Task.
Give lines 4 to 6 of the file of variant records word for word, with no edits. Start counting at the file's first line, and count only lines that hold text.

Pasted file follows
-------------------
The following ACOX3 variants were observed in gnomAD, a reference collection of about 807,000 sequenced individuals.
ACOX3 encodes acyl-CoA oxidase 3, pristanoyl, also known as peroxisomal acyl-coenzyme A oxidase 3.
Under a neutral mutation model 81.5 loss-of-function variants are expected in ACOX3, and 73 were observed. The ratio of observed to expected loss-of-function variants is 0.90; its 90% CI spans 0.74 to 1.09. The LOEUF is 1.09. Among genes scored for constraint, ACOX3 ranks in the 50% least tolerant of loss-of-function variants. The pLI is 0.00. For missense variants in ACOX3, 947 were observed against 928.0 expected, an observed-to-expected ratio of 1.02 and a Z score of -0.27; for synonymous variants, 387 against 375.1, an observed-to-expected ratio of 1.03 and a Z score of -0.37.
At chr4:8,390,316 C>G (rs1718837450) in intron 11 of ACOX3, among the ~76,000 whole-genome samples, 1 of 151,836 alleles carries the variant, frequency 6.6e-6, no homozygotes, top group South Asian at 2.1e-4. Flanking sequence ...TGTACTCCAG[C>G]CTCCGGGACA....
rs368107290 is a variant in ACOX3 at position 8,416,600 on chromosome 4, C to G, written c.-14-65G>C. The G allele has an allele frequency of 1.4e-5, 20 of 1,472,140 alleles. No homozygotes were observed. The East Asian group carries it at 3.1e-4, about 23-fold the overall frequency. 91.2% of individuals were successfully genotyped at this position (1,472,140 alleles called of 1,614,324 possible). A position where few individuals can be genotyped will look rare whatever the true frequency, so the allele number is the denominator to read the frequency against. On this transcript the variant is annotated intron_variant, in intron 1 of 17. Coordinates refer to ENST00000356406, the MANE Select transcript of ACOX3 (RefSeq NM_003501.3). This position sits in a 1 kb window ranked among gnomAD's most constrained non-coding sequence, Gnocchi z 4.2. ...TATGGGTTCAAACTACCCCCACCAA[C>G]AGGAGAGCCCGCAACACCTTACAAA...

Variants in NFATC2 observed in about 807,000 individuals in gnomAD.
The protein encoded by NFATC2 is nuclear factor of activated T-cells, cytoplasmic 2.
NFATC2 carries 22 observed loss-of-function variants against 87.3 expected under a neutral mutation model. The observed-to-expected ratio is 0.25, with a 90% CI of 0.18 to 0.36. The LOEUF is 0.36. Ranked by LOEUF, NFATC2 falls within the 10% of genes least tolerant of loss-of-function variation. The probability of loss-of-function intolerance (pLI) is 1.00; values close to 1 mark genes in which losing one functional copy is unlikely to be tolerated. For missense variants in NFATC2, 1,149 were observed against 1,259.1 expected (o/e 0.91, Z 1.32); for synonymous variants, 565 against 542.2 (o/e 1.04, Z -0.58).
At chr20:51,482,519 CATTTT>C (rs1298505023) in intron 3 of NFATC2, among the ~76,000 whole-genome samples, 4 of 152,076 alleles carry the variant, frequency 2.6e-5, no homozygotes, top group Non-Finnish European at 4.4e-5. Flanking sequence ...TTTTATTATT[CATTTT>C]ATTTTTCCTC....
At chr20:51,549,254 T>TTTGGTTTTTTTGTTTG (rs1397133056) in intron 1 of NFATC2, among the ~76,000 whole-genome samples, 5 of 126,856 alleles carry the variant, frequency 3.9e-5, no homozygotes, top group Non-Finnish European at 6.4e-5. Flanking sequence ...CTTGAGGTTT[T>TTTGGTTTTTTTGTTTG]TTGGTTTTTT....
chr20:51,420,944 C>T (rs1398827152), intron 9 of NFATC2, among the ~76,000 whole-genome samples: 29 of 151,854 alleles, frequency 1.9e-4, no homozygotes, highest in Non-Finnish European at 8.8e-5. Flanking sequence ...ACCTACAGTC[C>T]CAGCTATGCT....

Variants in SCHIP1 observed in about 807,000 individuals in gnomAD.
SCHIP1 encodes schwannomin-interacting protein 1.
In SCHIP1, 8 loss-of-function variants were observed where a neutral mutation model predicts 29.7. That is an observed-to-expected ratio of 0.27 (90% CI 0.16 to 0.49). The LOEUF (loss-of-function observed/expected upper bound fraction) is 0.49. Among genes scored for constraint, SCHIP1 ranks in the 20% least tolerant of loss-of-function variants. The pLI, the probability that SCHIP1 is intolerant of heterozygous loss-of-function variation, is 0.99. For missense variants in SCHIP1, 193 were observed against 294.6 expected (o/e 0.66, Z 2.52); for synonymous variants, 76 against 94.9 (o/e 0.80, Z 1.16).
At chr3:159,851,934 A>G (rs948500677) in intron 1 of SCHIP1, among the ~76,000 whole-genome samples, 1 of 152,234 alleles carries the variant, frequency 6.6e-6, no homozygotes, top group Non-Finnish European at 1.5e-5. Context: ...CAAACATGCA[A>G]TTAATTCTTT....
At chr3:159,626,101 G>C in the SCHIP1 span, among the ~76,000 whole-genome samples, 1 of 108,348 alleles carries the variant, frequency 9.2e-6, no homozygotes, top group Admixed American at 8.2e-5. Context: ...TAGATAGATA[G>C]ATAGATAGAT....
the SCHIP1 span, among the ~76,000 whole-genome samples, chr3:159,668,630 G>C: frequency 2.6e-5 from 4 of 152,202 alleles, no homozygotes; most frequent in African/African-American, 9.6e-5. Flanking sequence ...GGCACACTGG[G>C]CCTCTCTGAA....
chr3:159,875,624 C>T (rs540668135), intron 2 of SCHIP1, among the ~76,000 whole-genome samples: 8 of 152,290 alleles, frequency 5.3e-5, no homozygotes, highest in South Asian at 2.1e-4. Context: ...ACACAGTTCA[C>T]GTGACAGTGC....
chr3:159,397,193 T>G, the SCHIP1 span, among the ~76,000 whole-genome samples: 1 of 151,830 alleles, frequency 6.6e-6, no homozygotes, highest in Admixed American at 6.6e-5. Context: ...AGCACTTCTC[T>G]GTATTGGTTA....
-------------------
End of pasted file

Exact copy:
At chr4:8,390,316 C>G (rs1718837450) in intron 11 of ACOX3, among the ~76,000 whole-genome samples, 1 of 151,836 alleles carries the variant, frequency 6.6e-6, no homozygotes, top group South Asian at 2.1e-4. Flanking sequence ...TGTACTCCAG[C>G]CTCCGGGACA....
rs368107290 is a variant in ACOX3 at position 8,416,600 on chromosome 4, C to G, written c.-14-65G>C. The G allele has an allele frequency of 1.4e-5, 20 of 1,472,140 alleles. No homozygotes were observed. The East Asian group carries it at 3.1e-4, about 23-fold the overall frequency. 91.2% of individuals were successfully genotyped at this position (1,472,140 alleles called of 1,614,324 possible). A position where few individuals can be genotyped will look rare whatever the true frequency, so the allele number is the denominator to read the frequency against. On this transcript the variant is annotated intron_variant, in intron 1 of 17. Coordinates refer to ENST00000356406, the MANE Select transcript of ACOX3 (RefSeq NM_003501.3). This position sits in a 1 kb window ranked among gnomAD's most constrained non-coding sequence, Gnocchi z 4.2. ...TATGGGTTCAAACTACCCCCACCAA[C>G]AGGAGAGCCCGCAACACCTTACAAA...

Variants in NFATC2 observed in about 807,000 individuals in gnomAD.